**Choose an appropriate word from the list to describe the probability.**

Scoring a 7 on an ordinary six-sided dice cannot happen.

We can say that it is** impossible** to score a 7 on an ordinary six-sided dice.

In words, describe the probability that a red counter is obtained when a counter is taken at random from a bag that contains 11 red counters and 2 blue counters.

**Consider whether the event you are trying to describe will definitely happen or not happen.**

A red counter being obtained from the bag could happen, the bag does contain red counters, so we cannot describe it as **impossible**.

We could get a red or a blue counter out of the bag, so we cannot describe the probability of getting a red counter as **certain**.

**Consider the likeliness of the event happening.**

The chance of getting a red counter out of the bag is higher than blue. There are more red counters than blue in the bag. So we cannot describe it as **unlikely**, or **even chance**.

We can say that it is **likely** or **very likely** that we would obtain a red counter from the bag.

**Choose an appropriate word from the list to describe the probability.**

In this instance, the chance of getting a red counter from the bag is much higher than blue.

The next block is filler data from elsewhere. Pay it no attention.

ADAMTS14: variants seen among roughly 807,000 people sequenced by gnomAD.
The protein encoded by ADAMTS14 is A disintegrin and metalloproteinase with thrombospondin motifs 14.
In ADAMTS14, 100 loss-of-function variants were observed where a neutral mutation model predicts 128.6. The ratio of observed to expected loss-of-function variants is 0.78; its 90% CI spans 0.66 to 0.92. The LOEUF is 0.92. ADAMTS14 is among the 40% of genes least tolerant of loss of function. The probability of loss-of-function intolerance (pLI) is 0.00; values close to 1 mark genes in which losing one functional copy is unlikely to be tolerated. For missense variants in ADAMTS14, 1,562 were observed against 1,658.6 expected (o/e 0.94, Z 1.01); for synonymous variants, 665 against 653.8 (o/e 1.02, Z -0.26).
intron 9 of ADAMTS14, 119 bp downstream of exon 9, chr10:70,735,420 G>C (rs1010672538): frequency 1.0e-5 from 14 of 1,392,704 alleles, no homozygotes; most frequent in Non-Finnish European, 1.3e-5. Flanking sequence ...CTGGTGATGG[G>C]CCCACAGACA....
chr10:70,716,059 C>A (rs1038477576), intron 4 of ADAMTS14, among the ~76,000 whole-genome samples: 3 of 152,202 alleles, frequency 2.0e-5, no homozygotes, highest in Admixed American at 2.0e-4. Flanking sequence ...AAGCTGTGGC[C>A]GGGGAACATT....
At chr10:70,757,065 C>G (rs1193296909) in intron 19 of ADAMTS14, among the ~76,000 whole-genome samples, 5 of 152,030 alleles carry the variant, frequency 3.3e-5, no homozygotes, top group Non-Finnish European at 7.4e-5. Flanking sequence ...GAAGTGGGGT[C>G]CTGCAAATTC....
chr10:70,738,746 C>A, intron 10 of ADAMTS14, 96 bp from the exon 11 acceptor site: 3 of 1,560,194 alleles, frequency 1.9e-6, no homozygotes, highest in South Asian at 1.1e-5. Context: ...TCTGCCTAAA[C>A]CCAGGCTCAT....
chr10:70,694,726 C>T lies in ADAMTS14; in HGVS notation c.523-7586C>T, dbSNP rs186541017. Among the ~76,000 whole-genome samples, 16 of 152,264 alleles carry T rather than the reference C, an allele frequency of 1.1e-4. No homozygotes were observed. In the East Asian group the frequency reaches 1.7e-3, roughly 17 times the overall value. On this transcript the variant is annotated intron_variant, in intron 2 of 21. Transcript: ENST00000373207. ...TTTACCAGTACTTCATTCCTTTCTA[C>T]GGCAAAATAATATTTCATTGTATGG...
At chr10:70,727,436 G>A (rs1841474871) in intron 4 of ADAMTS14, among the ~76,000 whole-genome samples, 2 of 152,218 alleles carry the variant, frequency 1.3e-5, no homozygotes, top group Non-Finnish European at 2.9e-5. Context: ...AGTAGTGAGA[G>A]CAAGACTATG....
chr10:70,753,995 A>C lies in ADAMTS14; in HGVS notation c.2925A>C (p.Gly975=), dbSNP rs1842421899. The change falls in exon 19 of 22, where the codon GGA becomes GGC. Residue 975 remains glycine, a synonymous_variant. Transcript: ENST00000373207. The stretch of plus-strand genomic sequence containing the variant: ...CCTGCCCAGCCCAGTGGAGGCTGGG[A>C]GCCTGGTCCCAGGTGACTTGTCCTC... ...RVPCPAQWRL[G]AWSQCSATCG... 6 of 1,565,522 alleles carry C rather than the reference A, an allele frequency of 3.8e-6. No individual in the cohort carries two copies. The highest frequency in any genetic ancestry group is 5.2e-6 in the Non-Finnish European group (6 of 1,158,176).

We can say that it is **very likely** we would obtain a red counter from the bag.

In order to place events on a probability scale:

**Consider whether the event you are trying to describe will definitely happen or not happen.****Consider the likeliness of the event happening.****Choose the appropriate place on the scale to place the event.**

Mark on the scale below, the probability that an ordinary six-sided dice is rolled and lands on an even number.

**Consider whether the event you are trying to describe will definitely happen or not happen.**

An ordinary six-sided dice will have the numbers 1 to 6 on its faces. Rolling an even number could happen, so we cannot describe it as **impossible**.

We could also roll an odd number on an ordinary six-sided dice, so we cannot describe it as **certain**.

**Consider the likeliness of the event happening.**